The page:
The internet though, has changed everything.  There was no internet until I was already well through childhood and dialup access when it arrived was something of a novelty no one my age quite knew what to do with yet.   High speed internet with modern search engines, a mature blogosphere, and social media didn’t start to become common until I was nearly out of high school.
So my case is illustrative because I was an isolated island all through my early life and about a decade behind in social skills by the time I left high school.  The internet saved my life.  I would at best have eked out a bare existence as a basement dweller forced to avoid most other human beings to get by.  It was brutally hard to catch up on years of missed early development as it was.
Being able to go to a website and read written explanations of human behavior in mechanistic terms I could understand was crucial for getting me started.  I never was able to “get” all the tacit understandings that seem to flow effortlessly between most people.  Having it all spelled out for me in logical terms was just what I needed.  After years of practice, I can play their games now.  Strangely enough, I find myself coming out on top now because I understand their underlying motivations better than they do.
Since the internet began to grow up, I’ve been able to look for people who have the most similar thought patterns and share ideas.  I’ve been able to put my own ideas out there for anyone who might be receptive.  Though I am very small as bloggers go, hundreds of thousands of pairs of eyes have seen my writings where without the world wide web, these thoughts would have been relegated to a personal notebook no one would ever read.  When even someone like me has access to several sports stadiums worth of people, it’s past time for the establishment to start worrying.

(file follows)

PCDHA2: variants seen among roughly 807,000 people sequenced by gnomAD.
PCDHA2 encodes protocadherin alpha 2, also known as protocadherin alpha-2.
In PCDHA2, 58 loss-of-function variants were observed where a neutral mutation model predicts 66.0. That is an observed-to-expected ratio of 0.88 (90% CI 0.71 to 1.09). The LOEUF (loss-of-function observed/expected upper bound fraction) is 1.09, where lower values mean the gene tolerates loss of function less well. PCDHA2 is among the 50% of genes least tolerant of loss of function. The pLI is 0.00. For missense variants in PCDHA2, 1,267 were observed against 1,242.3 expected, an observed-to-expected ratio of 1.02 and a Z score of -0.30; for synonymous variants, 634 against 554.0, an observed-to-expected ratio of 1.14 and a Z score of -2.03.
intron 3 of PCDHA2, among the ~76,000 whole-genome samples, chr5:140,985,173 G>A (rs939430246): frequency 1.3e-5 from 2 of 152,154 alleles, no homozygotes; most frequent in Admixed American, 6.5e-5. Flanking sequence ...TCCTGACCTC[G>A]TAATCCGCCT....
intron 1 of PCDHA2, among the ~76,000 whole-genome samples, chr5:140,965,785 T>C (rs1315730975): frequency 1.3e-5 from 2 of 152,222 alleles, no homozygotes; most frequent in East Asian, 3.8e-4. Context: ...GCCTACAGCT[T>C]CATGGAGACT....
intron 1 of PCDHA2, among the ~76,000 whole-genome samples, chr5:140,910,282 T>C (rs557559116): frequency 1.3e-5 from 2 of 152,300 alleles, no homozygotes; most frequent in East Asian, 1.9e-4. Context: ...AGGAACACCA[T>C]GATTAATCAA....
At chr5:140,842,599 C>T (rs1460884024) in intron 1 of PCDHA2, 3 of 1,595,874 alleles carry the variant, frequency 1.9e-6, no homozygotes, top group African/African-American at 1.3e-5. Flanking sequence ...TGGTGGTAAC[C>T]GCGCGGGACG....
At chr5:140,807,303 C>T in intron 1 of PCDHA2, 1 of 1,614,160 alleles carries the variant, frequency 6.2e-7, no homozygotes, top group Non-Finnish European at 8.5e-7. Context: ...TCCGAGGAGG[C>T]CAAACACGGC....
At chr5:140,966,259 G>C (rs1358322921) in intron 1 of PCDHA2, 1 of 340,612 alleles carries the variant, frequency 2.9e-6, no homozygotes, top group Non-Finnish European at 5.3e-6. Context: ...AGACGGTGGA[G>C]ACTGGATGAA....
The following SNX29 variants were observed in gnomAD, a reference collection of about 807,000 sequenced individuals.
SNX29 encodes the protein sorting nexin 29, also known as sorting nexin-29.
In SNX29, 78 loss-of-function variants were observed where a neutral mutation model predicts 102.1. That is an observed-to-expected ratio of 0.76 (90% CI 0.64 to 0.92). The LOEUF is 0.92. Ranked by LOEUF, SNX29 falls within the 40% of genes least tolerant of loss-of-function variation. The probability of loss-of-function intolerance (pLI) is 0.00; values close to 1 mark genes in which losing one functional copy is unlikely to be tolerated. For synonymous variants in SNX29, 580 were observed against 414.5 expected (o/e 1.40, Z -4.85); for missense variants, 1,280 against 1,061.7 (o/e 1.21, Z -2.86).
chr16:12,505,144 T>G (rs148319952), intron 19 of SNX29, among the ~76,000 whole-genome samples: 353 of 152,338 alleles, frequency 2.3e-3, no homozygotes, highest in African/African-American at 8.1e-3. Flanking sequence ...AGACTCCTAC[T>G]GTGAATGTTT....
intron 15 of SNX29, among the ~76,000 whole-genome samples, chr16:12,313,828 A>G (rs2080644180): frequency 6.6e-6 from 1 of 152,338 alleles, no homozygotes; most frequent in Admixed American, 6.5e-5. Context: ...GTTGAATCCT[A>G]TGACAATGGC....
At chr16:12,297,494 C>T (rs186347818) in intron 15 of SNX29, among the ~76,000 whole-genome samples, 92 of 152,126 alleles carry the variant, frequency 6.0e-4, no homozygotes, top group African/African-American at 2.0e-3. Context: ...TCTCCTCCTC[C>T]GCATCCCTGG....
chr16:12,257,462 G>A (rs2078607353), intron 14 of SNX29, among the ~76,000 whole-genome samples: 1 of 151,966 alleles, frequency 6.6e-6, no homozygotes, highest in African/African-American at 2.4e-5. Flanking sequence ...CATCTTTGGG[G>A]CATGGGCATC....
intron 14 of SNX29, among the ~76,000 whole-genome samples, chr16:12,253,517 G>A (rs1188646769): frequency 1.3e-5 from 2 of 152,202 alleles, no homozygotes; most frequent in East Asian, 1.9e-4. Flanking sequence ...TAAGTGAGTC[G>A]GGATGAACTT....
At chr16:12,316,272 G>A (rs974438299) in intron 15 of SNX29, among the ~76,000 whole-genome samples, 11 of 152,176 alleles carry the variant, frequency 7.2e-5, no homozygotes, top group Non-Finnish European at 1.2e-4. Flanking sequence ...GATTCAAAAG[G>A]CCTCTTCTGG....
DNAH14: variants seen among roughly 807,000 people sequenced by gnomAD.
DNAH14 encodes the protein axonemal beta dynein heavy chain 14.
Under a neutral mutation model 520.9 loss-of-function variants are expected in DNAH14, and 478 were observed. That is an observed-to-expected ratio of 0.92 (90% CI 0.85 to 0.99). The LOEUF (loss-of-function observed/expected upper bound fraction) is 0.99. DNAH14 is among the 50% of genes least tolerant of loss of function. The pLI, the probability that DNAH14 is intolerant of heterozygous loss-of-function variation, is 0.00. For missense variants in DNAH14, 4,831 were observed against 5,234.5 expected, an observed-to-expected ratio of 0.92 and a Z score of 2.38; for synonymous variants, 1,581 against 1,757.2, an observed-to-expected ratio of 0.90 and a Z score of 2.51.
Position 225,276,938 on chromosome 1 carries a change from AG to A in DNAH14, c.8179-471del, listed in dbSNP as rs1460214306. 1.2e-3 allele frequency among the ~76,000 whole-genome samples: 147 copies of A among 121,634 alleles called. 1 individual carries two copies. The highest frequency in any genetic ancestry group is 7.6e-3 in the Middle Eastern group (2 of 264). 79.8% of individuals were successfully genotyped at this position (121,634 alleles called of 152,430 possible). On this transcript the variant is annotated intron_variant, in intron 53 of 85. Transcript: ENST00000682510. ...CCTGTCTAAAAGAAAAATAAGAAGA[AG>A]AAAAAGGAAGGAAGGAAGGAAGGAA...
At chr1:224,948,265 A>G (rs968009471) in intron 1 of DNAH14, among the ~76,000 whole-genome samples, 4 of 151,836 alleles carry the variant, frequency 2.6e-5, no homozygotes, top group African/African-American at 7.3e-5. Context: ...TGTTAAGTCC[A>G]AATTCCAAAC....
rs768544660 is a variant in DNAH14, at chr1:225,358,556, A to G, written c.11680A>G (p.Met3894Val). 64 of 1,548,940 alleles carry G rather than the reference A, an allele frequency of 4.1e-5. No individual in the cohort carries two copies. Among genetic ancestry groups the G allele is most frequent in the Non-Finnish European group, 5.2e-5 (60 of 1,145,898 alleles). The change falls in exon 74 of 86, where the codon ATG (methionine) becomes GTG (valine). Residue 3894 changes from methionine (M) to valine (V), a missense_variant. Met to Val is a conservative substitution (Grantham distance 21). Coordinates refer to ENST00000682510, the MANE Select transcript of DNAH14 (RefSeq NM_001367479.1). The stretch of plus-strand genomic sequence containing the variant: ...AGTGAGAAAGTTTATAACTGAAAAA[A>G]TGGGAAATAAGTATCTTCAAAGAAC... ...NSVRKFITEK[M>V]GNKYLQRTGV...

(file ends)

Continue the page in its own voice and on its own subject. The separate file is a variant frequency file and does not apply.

In the larger society, word of mouth, television, the news, a few publishing houses determined social reality for everyone with no real voice of dissent possible.  I can remember as a child in the 90s how journalists with newspaper columns seemed like minor gods and the voice of public opinion.  It seemed even more official when the newspaper was a physical thing that arrived on the doorstep every morning.  Now, less than two decades later, they’ve been reduced to a joke, their commenters often painfully more knowledgeable and open-minded than they are.  More telling still, their commenters aren’t bought and paid for by magnates who control their salary.
Freeing up thoughtful people who would otherwise have lived out their days as closeted outcasts has created critical weak points in the social consensus.
Outliers are by definition few in number but simply seeing anyone challenge the tribal taboos without consequence gives permission to millions of others to follow in apostasy.  Most people only believe the things they believe because they’re useful to social belonging.  Once these beliefs outlive their use, they are forgotten overnight.
We now see the rise of politicians that say what what people really think when they aren’t posing in social environments.